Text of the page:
Objective-To determine the accuracy of pressure plate kinetic asymmetry indices (ASIs) for diagnosis of unilateral hind limb lameness in dogs and their correlation with visual gait assessment (VGA) scores. Animals-9 healthy dogs and 16 dogs with previously diagnosed unilateral rupture of the cranial cruciate ligament and concurrent unilateral hind limb lameness. Procedures-Dogs were walked over a pressure plate to determine paw contact area (PCA), peak vertical pressure (PVP), peak vertical force (PVF), and vertical impulse (VI) of both hind limbs.
Objectives: To determine observer agreement on radiographic evaluation of central tarsal bone (CTB) fractures and compare this with evaluation of the same fractures using computed tomography (CT). Methods: Radiographs and CT scans were obtained of the right tarsi from limbs of Greyhounds euthanatized after sustaining severe CTB fracture during racing. Four observers described and classified each fracture. Inter- and intra-observer agreements were calculated. Results: Inter-observer agreement was higher for assessment of fractures using CT.
Objectives: The purpose of the study was to evaluate kinematic patterns in clinically normal Labrador and Rottweiler dogs trotting on a treadmill at a constant velocity. Methods: Ten Labrador Retrievers aged from 2.2 to 5.1 years, and 10 Rottweilers aged from two to 5.9 years were used. A three-dimensional capture system was used to perform analysis of joint kinematics. Kinematic data were collected by use of a triple-camera system. The kinematic study was performed first on the right side of the dog, and then on the left side. Data were analysed by use of a motion-analysis program.
Objectives: To assess whether fully normalised vertical ground reaction forces and stance times obtained at a trot depend on dog breed or body conformations. Methods: Peak vertical forces (PVF), vertical impulses (VI), stance times (ST), and ratio of forelimb impulse to total impulse (RVI) of 54 dogs of seven different breeds were normalised to body weight and body size according to the theory of dynamic similarity, and were tested for differences between breeds. Breeds were Borzoi, Bernese Mountain dog, Great Dane, Labrador Retriever, Landseer, Rhodesian Ridgeback, and Rottweiler.
Objective: The purpose of the study was to evaluate the kinematic characteristics of pelvic limb joints in orthopaedically normal dogs during stair ascent. Design: Prospective study. Procedure: Eight hound-type dogs were fitted with reflective spheres at palpable landmarks, including the tuber ischium, greater trochanter, cranial dorsal iliac spine, lateral epicondyle of the femur, lateral malleolus, and the base of the fifth metatarsal bone. Each dog was walked up a set of custom made stairs consisting of four steps and then trotted across a level test space.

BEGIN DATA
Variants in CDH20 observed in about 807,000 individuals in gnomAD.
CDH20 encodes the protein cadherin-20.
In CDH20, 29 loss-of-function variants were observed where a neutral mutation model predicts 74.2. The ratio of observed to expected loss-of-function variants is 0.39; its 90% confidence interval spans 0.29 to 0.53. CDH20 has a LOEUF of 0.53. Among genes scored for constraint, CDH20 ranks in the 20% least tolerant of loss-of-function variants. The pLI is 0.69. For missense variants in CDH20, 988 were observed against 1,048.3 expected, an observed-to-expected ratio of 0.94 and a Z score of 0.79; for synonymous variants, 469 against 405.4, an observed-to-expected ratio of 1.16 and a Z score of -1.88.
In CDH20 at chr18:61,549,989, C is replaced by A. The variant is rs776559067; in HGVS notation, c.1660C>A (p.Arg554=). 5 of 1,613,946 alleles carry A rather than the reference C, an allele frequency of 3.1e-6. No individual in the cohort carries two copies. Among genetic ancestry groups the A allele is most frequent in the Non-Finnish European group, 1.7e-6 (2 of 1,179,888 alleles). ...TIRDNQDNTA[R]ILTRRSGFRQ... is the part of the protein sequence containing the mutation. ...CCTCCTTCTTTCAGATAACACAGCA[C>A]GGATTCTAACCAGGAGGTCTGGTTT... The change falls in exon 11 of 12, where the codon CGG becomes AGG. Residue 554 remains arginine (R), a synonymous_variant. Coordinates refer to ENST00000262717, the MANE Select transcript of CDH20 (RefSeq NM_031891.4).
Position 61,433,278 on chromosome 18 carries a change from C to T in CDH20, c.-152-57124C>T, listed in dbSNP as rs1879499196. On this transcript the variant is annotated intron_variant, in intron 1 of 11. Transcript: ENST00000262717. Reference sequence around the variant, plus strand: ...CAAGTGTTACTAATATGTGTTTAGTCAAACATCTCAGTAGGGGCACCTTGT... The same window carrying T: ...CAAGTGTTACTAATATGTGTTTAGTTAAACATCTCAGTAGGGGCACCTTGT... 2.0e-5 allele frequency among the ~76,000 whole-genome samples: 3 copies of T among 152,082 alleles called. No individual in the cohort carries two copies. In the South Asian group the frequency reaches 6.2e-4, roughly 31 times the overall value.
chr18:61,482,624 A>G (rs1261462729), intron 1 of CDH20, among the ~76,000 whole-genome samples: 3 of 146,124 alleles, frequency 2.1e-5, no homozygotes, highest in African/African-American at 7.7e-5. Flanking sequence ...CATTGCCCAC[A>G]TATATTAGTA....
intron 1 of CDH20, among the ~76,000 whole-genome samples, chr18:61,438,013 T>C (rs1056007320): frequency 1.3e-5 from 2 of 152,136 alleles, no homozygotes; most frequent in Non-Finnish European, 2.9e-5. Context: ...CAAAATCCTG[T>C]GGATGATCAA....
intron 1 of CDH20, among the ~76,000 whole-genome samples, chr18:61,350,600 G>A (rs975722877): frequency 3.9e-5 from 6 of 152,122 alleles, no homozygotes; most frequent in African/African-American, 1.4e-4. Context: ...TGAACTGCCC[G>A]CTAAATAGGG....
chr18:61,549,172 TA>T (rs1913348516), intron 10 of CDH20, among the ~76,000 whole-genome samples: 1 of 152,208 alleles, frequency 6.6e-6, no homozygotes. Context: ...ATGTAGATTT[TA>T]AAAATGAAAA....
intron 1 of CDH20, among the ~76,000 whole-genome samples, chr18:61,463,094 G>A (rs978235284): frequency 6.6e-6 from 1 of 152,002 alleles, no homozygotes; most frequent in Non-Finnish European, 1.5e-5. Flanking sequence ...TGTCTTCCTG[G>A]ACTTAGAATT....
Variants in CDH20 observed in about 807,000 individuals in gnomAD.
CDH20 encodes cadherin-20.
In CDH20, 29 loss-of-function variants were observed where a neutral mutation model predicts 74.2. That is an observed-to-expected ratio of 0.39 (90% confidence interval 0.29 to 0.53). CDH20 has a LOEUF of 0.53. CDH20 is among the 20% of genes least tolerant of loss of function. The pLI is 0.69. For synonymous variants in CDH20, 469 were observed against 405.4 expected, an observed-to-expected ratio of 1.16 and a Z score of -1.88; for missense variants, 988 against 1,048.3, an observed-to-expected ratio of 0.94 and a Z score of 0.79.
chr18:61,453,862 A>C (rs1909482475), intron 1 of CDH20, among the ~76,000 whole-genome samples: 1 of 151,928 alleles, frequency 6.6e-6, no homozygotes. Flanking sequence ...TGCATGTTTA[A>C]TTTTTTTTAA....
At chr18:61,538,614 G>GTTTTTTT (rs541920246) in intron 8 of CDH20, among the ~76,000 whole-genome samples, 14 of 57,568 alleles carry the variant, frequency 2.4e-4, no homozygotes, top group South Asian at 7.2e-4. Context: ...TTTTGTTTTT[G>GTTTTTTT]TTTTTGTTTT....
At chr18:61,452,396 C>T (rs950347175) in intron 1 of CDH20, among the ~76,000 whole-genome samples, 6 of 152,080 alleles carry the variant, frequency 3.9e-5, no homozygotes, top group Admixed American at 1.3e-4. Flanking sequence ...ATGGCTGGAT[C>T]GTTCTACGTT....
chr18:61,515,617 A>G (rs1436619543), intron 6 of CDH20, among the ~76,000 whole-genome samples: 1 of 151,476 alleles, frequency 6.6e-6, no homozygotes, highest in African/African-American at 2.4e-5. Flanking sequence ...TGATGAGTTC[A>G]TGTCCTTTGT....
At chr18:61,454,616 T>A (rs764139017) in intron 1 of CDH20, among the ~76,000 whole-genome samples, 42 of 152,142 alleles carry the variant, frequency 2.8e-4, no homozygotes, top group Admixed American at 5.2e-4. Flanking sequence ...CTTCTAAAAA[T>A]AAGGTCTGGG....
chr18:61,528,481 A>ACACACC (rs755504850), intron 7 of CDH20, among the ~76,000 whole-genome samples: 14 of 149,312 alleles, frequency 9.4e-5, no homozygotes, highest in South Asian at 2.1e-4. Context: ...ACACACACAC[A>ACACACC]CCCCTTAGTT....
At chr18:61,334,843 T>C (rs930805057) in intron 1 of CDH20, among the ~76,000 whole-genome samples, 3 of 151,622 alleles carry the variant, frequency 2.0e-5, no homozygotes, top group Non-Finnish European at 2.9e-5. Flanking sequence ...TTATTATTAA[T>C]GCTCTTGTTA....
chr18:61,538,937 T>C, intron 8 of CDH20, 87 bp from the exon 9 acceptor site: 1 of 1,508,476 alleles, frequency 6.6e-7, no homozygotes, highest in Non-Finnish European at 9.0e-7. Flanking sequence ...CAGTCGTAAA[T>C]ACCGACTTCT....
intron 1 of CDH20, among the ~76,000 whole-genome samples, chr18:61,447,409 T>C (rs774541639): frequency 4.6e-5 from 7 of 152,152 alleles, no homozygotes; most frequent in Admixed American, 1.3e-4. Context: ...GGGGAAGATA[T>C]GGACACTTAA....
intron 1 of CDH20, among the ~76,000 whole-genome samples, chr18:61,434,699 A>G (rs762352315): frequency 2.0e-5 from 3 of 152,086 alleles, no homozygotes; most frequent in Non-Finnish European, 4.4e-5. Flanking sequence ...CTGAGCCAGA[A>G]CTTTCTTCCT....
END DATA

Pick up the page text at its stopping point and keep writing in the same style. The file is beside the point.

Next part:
Dual energy X-ray absorptiometry (DEXA) is a reference method for assessing body composition but is seldom `accessible in veterinary settings. Computed tomography (CT) can provide similar body composition estimates and we propose that it can be used in body composition studies in animals. We compared CT and DEXA data from 73 healthy adult neutered domestic cats. Three approaches for measuring adipose tissue percentage from full-body CT scans were explored.
Fibrotic myopathy of the iliopsoas muscle developed in a dog, following extensive migration of a grass awn within the muscle and adjacent subcutaneous tissue. The dog was initially presented for evaluation of a fluctuant swelling over the right flank region. The clinical and imaging findings were suggestive of iliopsoas fibrotic myopathy and the diagnosis was confirmed by histopathology.
We evaluated four measurement devices for obtaining circumferential measurements at four locations on the canine hindlimb and forelimb. We hypothesised that these devices would be consistent and precise in the hands of veterinary professionals with varying experience levels. Circumferential measurements were made in five dogs with no history or clinical evidence of orthopaedic disease. Measurements were obtained in triplicate by three observers at mid-thigh, tibial tuberosity, hock and carpus bilaterally.
OBJECTIVE: To describe the signalment, morphology, response to treatment and prognosis of third tarsal bone fractures in the racing greyhound.
METHODS: All third tarsal bone fractures seen by the author over a ten year period were included in the study. Diagnosis was by radiography. Treatments were reconstruction with a lag screw, fragment removal, centrodistal joint arthrodesis or conservative management.
Objective—To evaluate a 3-D kinematic model of the hind limb developed by use of a joint coordinate system in dogs. Animals—6 clinically normal adult mixed-breed dogs. Procedures—17 retroreflective markers were affixed to the skin on the right hind limb of each dog. Eight infrared cameras were arranged around a gait platform to record marker locations as dogs were recorded moving through the calibrated space 5 times during a walk and trot at velocities of 0.9 to 1.2 m/s and 1.7 to 2.1 m/s, respectively.